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Access to support after rape and sexual assault

21 April 2005

New referral booklet designed to ease access to support after rape and sexual assault

Following the closure of Hawke’s Bay Rape Crisis, representatives from a range of community organisations teamed up to produce a booklet which details where and how people who have been raped or sexually assaulted can get help and support.

The booklet has been designed to help support agencies quickly refer women to the most appropriate services to meet their needs. The booklet will be distributed to agencies where survivors of rape and sexual assault are likely to make contact.

Those needing help are most likely to phone or visit an agency offering general support, like, Victim Support, Lifeline, Citizens Advice Bureau, Women’s Centre, Community Law and others.

The booklet is divided into two sections - a quick reference by location (Napier, Hastings, Central Hawke’s Bay and Wairoa) and a detailed section outlining contact details and the types of services provided. Women have a wide choice of agencies offering support and can find out what is available closest to them.

There are over 35 agencies and groups offering support and help for survivors of rape and sexual assault. Services range from crisis assistance, support and counselling.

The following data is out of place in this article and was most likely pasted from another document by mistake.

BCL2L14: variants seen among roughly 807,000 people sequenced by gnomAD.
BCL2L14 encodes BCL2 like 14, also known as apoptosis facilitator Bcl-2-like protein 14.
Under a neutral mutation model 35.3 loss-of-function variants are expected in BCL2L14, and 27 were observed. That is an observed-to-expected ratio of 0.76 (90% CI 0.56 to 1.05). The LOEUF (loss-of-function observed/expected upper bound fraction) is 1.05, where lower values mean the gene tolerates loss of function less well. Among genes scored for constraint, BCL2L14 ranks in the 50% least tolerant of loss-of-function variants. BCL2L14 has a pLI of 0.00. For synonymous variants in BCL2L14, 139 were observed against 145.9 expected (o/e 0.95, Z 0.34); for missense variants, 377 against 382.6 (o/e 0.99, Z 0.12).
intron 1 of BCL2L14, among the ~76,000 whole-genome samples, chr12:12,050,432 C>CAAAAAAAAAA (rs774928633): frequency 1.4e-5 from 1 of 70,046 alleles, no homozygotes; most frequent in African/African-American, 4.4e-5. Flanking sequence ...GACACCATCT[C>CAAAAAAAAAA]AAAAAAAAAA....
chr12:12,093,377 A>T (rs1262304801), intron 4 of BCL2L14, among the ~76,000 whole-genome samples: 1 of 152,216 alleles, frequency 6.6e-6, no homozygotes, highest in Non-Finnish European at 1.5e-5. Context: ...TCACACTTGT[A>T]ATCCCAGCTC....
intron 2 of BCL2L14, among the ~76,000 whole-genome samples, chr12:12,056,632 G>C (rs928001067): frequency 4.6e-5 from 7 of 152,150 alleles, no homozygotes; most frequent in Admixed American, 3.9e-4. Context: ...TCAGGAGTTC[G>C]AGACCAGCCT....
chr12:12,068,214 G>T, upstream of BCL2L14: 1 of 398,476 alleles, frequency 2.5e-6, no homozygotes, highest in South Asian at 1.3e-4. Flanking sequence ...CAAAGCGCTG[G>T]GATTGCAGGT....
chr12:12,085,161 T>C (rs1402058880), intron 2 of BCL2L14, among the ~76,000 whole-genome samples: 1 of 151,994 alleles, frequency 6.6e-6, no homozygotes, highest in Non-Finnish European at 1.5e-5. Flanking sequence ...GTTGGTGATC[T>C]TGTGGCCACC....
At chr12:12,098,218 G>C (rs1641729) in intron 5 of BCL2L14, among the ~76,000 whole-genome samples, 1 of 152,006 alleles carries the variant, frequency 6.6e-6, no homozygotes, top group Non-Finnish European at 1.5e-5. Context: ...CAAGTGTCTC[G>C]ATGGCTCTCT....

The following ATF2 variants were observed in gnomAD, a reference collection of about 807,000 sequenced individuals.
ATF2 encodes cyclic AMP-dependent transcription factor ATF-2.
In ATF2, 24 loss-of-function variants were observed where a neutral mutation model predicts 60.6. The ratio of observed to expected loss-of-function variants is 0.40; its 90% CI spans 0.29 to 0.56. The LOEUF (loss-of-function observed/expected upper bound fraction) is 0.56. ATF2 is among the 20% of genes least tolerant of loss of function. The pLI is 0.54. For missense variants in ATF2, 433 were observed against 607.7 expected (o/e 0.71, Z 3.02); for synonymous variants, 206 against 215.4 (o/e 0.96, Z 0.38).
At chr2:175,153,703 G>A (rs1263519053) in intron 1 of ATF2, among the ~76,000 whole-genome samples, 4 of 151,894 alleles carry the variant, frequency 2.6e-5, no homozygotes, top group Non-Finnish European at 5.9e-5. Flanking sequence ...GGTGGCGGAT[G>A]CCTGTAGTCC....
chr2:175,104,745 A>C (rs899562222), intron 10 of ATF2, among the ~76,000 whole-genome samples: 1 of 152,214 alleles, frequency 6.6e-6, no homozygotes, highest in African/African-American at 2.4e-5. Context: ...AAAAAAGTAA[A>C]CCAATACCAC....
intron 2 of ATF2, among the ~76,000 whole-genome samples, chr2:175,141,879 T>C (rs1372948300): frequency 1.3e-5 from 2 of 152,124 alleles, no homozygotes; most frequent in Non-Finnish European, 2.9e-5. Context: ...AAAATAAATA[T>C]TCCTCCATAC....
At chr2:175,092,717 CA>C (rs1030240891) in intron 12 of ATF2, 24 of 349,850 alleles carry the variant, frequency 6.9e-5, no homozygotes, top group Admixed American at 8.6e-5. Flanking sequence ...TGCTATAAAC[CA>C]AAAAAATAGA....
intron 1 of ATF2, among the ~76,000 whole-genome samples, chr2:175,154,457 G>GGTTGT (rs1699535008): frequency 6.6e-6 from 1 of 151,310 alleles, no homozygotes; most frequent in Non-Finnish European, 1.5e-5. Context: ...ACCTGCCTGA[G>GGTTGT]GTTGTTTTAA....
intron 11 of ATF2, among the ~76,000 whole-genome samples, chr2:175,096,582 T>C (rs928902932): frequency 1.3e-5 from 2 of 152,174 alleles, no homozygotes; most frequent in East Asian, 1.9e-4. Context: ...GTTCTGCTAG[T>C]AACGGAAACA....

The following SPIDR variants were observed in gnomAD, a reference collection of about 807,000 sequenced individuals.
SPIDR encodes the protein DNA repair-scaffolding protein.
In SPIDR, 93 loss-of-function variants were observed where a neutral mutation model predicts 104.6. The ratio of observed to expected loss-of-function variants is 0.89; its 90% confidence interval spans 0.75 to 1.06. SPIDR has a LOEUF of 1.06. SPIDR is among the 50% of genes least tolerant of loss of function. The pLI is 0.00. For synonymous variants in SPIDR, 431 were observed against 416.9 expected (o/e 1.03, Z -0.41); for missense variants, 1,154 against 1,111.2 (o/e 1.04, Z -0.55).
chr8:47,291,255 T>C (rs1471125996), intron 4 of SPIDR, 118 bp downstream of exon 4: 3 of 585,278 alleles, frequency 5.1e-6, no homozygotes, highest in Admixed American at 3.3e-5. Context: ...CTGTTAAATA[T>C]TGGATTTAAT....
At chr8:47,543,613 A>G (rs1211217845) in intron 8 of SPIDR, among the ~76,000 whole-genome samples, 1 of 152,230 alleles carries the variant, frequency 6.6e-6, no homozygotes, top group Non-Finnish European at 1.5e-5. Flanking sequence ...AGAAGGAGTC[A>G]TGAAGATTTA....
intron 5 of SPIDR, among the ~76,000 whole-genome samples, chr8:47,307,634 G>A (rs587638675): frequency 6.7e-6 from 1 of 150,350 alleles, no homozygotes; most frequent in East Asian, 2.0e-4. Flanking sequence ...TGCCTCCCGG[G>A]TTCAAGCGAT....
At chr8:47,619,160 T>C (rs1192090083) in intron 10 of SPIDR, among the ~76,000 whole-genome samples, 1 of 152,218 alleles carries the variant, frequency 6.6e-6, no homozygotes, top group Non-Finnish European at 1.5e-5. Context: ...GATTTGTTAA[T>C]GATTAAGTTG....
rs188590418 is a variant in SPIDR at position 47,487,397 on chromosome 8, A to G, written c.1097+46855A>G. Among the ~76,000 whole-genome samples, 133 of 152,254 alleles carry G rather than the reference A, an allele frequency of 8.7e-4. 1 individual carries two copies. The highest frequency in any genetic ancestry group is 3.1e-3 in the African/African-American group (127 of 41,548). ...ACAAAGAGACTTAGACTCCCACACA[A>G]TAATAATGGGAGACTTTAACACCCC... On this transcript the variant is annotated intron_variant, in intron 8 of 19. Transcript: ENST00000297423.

“The range of agencies will give people choices to find the help the best suits them, rather than one group trying to be all things to all people. It also means that services are available locally for people throughout Hawke’s Bay with Napier, Hastings, Central Hawke’s Bay and Wairoa,” said Shari Tidswell, spokesperson for the group, and health promoter with Hawke’s Bay District Health Board.

“The group working on the booklet have been doing this on top of their existing work so it has been a long process. After nearly a year of working on the resource it is great to have it going out to community groups and for it to be finally filling the gap it was designed for,” Shari said.

“We pre-tested the booklet with a range of people, and without exception the feedback has been very positive, especially as it is so easy to use.

Marilynn Taylor from Hastings Victim Support says “this will be a great help in working with the people referred to us”. For those people phoning Lifeline it will mean a referral can be made or at least suggestions of where to go next, this is reassuring for a person in crisis or wanting to get help,” says Neil McDonald, coordinator of Lifeline Hawke’s Bay.

For its next project the group plans to produce a resource aimed at youth: “How to Get Help” and they will be looking at the future direction for Hawke’s Bay support services.

ENDS

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